Thursday, April 13, 2006

Comes Around / Goes Around

I'm part of a scholarship committee at school where we look at a list of candidates for various scholarships and pick a recipient. This past week the list included a person who is a BIG whiner in my class. Everything needs to be complained about. There's too much homework. It's too hard. I expect too much. I never help. Help me. Help me. Help me. ... Most of the time I'm pretty patient, though the other day I told this student that they complained too much, and they were "shocked", and said that it wasn't true. Hmmmm.

Well, this student's name came up for a scholarship. With a wee bit of hesitation, I mentioned the situation and also said that I didn't know if that should be a factor. There were also a handful of other kids on the list, all of whom were wonderful. Another teacher's reaction to my statement was, "yes, I've heard that a lot about this student". .... This student was not the recipient of the scholarship.

How does one distinguish between doing the kid a favor and telling them that their behavior is atrocious and just being "mean spirited" when telling the kid they're annoying? I mean, it's still a learning process to them. If no one tells them things are "wrong", then they'll just go on acting like they do because they don't know any better.

4 comments:

  1. edward1:34 PM

    Sounds like dependency. Common in the math classroom. "How come it looks so easy when you do it?"
    Let's face it, the easiest way to accomplish a task is to have another do it for you. Students think the goal is to finish the assignment, not learn a skill. Do you let them know in advance the goal of the lesson?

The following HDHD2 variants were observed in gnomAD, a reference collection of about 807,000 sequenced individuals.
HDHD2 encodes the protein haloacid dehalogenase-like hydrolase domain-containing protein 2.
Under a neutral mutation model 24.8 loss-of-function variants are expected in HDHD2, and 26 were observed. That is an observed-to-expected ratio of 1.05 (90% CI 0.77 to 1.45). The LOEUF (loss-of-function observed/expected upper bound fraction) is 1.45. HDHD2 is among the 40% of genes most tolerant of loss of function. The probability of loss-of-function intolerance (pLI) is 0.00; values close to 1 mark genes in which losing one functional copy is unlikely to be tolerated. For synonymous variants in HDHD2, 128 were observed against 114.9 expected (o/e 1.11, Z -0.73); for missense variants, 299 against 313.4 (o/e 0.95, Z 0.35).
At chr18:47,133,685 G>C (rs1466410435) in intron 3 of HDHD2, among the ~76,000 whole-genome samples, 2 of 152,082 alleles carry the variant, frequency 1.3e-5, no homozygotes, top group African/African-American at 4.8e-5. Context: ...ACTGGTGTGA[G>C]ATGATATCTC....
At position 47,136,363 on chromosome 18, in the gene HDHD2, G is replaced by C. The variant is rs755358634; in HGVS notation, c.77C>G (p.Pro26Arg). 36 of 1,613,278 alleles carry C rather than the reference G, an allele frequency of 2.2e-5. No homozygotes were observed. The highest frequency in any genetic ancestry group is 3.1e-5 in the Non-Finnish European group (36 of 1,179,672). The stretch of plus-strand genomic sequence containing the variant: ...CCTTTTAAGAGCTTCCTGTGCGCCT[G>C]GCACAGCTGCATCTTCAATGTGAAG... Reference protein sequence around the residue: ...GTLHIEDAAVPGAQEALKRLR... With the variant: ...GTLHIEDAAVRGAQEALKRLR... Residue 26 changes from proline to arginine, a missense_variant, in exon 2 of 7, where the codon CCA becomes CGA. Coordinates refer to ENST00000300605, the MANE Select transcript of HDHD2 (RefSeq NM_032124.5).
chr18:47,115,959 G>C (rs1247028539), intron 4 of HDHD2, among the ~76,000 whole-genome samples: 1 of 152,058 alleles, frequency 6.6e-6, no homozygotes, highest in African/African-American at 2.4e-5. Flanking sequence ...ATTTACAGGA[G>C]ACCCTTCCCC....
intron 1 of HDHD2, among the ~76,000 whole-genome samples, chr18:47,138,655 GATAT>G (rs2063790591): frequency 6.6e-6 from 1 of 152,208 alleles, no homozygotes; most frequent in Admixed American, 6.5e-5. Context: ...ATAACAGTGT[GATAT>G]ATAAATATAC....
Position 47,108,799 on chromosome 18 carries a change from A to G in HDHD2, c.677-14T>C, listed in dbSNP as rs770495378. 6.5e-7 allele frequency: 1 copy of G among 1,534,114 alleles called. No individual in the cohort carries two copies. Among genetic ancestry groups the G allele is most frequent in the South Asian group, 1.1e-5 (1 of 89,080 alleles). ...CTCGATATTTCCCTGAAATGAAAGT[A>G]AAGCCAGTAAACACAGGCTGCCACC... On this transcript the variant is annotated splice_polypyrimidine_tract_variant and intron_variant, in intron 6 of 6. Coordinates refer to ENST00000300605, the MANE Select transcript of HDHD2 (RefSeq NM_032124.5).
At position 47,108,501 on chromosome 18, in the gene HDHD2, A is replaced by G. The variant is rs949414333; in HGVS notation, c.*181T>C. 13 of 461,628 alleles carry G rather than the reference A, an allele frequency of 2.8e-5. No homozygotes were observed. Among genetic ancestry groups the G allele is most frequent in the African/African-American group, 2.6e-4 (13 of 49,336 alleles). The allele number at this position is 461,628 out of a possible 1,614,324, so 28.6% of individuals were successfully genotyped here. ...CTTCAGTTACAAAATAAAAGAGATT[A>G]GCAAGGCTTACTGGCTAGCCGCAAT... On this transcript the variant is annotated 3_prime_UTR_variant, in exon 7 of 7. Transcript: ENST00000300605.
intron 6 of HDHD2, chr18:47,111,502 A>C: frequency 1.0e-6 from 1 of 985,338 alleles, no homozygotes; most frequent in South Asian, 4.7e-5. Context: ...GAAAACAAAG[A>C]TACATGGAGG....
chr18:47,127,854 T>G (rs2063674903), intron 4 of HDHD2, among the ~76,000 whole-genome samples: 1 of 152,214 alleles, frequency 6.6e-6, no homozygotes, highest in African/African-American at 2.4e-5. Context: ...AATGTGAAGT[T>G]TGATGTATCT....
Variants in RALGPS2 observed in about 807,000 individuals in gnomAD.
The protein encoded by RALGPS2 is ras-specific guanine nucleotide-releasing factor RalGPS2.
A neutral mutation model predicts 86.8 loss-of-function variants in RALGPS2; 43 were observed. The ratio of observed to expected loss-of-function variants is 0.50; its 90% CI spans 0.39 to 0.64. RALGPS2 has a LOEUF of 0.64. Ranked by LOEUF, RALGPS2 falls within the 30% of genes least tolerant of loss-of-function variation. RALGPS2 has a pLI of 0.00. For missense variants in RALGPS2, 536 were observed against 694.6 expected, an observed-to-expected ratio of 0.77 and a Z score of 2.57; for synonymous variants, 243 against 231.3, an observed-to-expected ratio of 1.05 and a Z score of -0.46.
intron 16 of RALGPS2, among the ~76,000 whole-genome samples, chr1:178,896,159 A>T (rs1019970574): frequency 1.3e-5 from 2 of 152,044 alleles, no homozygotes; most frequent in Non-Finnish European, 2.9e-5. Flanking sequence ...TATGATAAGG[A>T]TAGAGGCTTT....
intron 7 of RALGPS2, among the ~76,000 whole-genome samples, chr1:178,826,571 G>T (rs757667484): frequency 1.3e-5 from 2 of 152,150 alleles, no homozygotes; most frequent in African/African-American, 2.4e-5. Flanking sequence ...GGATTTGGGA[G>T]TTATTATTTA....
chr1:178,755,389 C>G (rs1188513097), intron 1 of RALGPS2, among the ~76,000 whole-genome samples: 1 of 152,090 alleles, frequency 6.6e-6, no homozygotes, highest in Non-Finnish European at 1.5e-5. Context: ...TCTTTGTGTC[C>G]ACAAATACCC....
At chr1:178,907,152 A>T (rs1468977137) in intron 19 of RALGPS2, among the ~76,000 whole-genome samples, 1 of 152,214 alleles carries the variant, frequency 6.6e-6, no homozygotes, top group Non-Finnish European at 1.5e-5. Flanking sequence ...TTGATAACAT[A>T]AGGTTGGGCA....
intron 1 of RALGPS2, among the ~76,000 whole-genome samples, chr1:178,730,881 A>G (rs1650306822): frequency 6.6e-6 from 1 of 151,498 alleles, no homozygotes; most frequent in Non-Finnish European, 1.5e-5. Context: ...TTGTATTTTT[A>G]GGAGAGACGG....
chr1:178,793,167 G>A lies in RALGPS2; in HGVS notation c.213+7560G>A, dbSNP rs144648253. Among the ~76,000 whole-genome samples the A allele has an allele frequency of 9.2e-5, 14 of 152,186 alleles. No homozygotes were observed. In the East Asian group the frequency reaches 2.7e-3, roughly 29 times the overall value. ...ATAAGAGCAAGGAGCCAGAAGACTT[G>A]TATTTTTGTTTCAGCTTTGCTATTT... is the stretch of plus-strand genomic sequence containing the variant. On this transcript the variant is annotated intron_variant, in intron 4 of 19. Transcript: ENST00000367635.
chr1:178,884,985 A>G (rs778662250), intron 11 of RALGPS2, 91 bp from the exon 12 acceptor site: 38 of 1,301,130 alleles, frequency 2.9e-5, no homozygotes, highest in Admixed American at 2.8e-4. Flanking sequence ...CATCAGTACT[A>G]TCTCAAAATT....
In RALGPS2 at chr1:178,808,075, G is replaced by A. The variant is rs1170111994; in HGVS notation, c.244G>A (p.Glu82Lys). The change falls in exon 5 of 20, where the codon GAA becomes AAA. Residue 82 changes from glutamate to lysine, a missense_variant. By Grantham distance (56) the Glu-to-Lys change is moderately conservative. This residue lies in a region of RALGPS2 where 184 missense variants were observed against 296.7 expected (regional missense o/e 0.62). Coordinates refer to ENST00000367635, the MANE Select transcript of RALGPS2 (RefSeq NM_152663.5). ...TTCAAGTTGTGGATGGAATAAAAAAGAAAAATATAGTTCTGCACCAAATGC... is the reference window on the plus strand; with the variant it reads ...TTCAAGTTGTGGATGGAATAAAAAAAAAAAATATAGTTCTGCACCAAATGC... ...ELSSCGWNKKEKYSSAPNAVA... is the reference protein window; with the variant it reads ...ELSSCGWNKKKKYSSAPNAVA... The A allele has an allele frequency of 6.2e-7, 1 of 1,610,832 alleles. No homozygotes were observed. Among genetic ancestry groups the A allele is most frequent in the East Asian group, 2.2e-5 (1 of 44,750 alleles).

Don't give in. Think about the mom with the two year old who cries until she gets candy. The lesson she learned and comes to you with is that if she cries long enough, she gets her desired result.
    I usually go with the following story:
    A boy wants to learn about cars and buys an old one to fix up. Dad really wants to help, but always takes the wrench away and says, "here, let me show you." The student rolls his car across the street to the retired guy's house and works there. The old guy sits in his chair and listens to sports radio, every so often answering a question. Then I ask the students where they think the boy learns more?
    Too often in elementary/middle school the students are given one-step problems, so if they can't instantly visualise the solution, they give up. How's your pacing?

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  2. Anonymous5:13 AM

    Edward,

    I do agree with your statements, and goodness knows I've had students like that, that whine and whine and whine and expect that you'll give in eventually (which I don't because as you say, that does them a disservice).

    This girl is just whiny about life in general and maybe is unaware that she comes across this way. She's annoying, so I have to work hard to keep the "love" in my manner as I deal with her.

    Ms. Cookie

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  3. Anonymous1:38 PM

    I have a student like that too--I know from talking to other teachers that have her that her demenor is a "put-off" in other classes as well. I really have to struggle to maintain a good relationship with her (for the same reasons as you) but I have found being very direct (more so than I would typically be) about what bothers me about her behavior has made a difference. Her whinning must work somewhere with someone, but she knows by this time in the year it won't work in my room. (Not that it has necessarily ceased, but I would say it is better. And, I think she actually appreciates the honesty.)

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